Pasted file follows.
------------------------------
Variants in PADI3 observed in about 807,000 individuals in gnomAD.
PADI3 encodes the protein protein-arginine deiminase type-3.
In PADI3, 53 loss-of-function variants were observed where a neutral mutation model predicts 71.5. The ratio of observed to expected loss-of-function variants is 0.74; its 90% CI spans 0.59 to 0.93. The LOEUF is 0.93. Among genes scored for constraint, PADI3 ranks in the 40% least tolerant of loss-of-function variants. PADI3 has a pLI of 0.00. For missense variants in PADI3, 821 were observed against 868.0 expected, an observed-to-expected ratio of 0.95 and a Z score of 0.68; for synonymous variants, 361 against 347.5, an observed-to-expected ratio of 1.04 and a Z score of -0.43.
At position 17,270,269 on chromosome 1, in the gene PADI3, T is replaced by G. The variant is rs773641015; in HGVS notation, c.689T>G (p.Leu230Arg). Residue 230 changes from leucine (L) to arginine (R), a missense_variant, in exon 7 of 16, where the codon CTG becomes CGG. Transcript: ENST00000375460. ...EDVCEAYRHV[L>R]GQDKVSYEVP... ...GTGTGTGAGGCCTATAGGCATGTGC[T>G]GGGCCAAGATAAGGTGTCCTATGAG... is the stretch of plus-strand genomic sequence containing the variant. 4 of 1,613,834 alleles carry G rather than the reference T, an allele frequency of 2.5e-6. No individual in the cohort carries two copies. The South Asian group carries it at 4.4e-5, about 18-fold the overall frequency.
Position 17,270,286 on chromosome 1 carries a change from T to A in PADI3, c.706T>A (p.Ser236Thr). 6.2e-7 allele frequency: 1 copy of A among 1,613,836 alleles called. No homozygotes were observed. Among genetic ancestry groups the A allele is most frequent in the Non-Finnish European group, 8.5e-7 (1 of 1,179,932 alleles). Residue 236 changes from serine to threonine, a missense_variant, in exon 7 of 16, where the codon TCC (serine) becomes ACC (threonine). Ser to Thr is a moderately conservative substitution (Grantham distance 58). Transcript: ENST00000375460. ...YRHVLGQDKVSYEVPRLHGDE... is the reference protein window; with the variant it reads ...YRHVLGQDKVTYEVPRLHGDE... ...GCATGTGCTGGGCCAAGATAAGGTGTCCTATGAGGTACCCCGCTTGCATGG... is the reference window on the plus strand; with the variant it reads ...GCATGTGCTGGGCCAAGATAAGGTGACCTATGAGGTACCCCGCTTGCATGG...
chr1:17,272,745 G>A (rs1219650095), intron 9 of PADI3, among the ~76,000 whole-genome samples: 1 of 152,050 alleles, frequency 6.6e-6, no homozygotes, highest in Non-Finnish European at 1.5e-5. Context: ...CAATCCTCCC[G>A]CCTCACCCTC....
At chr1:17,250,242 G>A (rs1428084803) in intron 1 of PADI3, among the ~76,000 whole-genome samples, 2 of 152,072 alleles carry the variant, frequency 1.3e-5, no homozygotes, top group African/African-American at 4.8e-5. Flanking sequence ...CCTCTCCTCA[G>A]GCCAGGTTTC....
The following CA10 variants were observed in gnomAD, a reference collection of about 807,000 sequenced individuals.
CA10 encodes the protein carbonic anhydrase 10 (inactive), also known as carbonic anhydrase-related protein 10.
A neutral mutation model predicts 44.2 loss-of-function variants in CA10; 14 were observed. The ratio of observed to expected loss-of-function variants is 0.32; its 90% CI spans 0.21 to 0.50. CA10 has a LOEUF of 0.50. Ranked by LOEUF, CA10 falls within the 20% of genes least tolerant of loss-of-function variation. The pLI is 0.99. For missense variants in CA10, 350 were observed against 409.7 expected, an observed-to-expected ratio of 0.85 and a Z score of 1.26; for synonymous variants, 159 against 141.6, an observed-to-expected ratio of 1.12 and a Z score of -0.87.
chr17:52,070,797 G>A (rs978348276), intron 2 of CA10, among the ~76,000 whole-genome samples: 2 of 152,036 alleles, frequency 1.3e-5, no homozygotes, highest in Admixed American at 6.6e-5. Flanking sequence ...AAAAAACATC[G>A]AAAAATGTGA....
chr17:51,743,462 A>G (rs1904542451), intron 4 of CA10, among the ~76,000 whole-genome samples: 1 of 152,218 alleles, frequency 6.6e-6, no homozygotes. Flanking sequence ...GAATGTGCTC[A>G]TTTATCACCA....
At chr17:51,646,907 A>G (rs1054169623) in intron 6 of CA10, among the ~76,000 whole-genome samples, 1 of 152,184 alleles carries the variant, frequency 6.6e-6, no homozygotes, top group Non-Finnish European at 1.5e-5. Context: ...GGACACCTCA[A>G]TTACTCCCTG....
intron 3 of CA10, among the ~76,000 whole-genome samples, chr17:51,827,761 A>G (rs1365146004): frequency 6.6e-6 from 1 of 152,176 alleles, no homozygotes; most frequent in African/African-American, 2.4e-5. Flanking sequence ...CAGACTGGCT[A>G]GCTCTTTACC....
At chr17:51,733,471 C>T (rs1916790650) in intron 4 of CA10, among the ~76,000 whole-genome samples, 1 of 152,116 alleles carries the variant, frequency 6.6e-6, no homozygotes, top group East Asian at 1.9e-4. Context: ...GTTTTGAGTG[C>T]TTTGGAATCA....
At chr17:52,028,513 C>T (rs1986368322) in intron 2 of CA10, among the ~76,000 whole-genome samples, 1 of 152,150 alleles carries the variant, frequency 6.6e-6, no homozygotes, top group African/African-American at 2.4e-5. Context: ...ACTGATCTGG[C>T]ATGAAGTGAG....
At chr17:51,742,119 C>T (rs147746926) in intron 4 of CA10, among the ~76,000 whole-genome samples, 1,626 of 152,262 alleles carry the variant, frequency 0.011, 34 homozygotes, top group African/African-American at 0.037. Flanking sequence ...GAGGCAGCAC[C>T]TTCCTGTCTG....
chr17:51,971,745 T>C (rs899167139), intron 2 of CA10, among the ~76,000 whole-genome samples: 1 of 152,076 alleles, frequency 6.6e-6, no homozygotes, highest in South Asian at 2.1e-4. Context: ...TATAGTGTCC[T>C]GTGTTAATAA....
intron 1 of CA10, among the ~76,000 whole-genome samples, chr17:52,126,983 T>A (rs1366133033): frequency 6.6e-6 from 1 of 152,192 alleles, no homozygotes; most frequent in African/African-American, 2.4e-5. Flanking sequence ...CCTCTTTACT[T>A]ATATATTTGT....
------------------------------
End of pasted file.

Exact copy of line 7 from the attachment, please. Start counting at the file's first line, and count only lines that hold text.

At chr1:17,250,242 G>A (rs1428084803) in intron 1 of PADI3, among the ~76,000 whole-genome samples, 2 of 152,072 alleles carry the variant, frequency 1.3e-5, no homozygotes, top group African/African-American at 4.8e-5. Flanking sequence ...CCTCTCCTCA[G>A]GCCAGGTTTC....